5. Supporting Social-Emotional and Mental Health Needs of Young Children Through Part C Early Intervention: Results of a 50-State Survey (National Center for Children in Poverty & Georgetown University Health Policy Institute, Center for Children and Families)

“This report examines features of states’ Part C Early Intervention programs that help them identify and serve infants and toddlers with social-emotional (SE) delays and mental health conditions. A 50-state survey conducted by the National Center for Children in Poverty and Georgetown University Center for Children and Families asked state Part C Coordinators about their programs’ policies and procedures related to screening, evaluation, eligibility, services, and financing that affect the program’s capacity to meet the SE needs of infants and toddlers. The survey results are shared in this report, along with information from follow-up interviews with state Part C Coordinators. Overall, the findings point to both critical gaps in the capacity of Part C programs to meet infant-toddler SE and mental health needs and promising strategies some states are using to support children in this domain.”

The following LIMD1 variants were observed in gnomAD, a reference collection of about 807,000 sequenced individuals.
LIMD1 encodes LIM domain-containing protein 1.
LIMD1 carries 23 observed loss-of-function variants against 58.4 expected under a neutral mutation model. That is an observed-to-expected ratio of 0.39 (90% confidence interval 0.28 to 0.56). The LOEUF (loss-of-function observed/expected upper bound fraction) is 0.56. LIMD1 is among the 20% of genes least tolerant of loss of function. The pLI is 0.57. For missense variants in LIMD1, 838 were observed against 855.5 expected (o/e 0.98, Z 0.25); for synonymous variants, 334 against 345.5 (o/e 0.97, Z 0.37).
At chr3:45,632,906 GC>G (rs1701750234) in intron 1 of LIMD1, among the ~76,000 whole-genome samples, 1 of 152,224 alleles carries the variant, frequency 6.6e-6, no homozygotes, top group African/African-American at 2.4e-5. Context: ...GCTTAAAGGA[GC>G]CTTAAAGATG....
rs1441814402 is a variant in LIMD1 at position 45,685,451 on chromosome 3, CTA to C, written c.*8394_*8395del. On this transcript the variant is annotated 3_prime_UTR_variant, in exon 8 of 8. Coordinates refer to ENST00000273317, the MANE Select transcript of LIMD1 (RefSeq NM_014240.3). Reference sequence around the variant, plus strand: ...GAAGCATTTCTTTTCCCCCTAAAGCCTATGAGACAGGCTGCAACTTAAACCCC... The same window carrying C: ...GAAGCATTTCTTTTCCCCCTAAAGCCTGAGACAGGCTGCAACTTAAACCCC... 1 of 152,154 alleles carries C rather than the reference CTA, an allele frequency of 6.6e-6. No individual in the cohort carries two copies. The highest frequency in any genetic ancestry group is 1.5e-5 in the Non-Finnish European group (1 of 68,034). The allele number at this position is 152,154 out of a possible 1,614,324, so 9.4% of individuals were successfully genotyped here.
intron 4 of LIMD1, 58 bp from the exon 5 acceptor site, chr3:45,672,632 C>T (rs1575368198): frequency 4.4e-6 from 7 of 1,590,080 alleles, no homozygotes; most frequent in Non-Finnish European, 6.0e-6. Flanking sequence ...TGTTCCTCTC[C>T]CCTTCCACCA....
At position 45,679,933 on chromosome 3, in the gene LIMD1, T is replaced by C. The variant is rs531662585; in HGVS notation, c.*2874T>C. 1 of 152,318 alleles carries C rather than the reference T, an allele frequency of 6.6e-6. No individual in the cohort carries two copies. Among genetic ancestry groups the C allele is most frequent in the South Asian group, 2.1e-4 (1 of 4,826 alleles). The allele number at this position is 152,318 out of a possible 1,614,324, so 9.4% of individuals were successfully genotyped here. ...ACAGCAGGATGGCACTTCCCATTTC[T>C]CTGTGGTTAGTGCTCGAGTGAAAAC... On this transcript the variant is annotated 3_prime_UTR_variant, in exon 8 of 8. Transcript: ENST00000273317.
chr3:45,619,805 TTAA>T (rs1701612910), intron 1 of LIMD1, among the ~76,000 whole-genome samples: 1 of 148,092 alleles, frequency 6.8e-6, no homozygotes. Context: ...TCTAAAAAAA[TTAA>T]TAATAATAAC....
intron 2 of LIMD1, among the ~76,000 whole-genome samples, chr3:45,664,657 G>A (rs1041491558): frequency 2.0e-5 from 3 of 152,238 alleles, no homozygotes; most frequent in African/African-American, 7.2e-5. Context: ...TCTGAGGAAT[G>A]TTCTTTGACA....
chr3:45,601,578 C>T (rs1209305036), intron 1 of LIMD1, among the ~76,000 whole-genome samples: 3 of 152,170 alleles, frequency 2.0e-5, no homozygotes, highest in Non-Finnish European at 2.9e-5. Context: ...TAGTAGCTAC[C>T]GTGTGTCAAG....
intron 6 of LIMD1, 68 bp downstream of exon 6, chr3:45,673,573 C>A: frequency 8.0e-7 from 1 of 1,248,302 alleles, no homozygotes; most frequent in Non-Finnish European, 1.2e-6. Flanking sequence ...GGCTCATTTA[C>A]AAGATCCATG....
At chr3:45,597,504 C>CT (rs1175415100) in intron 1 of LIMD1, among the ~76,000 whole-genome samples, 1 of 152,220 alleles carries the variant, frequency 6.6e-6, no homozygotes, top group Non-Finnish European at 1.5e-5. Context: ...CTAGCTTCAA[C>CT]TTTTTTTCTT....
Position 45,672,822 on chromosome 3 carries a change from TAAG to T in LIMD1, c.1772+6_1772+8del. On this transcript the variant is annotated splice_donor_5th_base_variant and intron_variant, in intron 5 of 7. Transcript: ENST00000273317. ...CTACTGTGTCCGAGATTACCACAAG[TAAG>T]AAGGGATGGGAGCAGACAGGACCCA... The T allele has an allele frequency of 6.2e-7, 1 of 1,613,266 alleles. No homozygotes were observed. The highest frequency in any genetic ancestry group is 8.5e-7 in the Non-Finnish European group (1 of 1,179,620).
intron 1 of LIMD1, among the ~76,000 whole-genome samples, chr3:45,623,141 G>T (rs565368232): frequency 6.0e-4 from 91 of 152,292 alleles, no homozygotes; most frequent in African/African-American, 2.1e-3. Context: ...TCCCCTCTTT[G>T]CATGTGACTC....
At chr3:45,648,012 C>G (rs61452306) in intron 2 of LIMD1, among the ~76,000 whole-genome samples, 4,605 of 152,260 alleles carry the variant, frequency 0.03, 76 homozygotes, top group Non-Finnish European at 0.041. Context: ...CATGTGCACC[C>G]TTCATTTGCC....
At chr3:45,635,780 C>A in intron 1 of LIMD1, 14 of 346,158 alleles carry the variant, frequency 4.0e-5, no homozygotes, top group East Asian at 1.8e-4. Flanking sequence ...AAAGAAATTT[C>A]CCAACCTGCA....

TexProtects Takeaway: Increasing access and quality in Early Childhood Intervention (ECI) is a policy agenda item for the Prenatal to Three Collaborative and an unexpected but effective part of a robust system to prevent child abuse and neglect. ECI providers in Texas face numerous obstacles and this session, the legislature must increase investments so that the rates per child are adequate to meet demand and deliver quality.